Rare Condition Leaves Baby with No Eyes

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A baby girl, Brielle Garrison, was born in Wellington, Florida eight weeks ago. She is complete and healthy in every way, but sight. A rare condition, anophthalmia, has left her with no eyes.

The condition of either partially (microphthalmia) or completely missing eye tissue (anophthalmia) occurs in 30 in 100,000 births. Anophthalmia and microphthalmia are often used interchangeably. These rare disorders develop during pregnancy and can be associated with other birth defects.

Anophthalmia is not an inherited condition. It is often a genetic mutation, but very often the cause is not known. It is not usually diagnosed in utero.

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No treatment for severe anophthalmia or microphthalmia can create a new eye or restore vision. Care is taken to aid the skeletal growth of the child’s face, fitting the child for a prosthetic (artificial) eye early. The prosthetic promotes proper socket and facial skeletal growth as well as being for cosmetic purposes.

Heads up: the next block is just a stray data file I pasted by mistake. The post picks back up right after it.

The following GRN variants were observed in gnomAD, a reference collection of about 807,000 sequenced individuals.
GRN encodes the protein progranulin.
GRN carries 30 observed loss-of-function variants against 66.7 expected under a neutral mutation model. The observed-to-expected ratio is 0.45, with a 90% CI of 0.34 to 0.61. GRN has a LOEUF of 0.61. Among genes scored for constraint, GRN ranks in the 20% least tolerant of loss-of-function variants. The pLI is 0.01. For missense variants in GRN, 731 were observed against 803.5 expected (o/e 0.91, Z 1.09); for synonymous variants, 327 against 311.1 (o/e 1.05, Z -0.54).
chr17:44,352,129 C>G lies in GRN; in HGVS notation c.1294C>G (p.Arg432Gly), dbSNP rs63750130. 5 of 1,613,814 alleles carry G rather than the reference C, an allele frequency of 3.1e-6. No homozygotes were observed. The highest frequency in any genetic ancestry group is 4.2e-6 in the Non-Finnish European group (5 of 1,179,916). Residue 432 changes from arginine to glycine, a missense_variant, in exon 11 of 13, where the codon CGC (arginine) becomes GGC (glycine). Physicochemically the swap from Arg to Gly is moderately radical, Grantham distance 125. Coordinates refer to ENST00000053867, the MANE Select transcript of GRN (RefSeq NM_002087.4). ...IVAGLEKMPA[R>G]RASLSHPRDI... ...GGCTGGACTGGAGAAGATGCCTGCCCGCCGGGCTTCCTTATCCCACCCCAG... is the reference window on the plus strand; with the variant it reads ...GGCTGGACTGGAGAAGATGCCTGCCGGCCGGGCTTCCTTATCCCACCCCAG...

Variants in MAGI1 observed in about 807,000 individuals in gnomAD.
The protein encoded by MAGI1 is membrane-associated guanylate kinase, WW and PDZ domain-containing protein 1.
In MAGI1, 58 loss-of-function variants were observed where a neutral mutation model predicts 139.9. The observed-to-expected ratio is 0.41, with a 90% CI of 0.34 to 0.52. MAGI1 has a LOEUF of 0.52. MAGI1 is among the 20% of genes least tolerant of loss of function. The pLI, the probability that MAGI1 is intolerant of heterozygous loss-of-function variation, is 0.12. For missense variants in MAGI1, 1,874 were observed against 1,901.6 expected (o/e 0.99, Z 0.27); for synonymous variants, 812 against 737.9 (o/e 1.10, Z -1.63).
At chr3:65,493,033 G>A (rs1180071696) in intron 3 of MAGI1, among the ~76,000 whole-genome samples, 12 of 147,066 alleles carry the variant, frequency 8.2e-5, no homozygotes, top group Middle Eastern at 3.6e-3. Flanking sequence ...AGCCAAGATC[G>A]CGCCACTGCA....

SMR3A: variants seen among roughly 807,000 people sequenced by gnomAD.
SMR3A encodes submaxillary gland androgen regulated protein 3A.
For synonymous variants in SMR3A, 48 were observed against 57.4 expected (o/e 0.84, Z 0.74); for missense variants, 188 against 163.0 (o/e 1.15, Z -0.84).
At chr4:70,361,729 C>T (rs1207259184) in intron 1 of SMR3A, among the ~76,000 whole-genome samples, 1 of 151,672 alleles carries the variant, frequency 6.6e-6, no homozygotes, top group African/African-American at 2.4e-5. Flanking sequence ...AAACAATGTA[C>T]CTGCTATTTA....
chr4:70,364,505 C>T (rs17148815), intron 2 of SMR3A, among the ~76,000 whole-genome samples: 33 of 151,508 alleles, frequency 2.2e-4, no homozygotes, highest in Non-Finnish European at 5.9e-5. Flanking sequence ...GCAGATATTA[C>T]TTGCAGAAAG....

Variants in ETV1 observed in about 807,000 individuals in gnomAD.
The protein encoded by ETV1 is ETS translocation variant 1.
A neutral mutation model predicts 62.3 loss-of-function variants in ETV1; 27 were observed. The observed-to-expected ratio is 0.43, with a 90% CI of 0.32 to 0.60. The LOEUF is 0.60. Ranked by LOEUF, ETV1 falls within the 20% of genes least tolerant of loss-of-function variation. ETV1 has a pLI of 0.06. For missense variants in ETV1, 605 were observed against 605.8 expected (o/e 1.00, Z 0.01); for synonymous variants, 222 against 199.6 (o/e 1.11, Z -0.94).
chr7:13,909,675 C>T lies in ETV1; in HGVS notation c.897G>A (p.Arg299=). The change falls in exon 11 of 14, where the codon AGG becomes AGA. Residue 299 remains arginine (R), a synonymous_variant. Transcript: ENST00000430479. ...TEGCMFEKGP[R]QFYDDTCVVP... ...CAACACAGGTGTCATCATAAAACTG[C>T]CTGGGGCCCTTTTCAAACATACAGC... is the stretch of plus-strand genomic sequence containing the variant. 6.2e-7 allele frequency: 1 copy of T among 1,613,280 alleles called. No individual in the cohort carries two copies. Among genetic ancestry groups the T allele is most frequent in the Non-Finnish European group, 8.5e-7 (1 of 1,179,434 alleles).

Brielle will need several eye care professionals and multiple surgeries as she grows to fit the prosthetic eyes. It is important to remember that prosthetic eyes do not restore vision, so Brielle will also need all the services every blind person needs.

ican (international children’s anophthalmia/microphthalmia network) is a support group made up of families and professionals, for families dealing with these issues. The support group can put you in touch with other families or medical professionals who can help.

Sources
ABC News
National Eye Institute
ican

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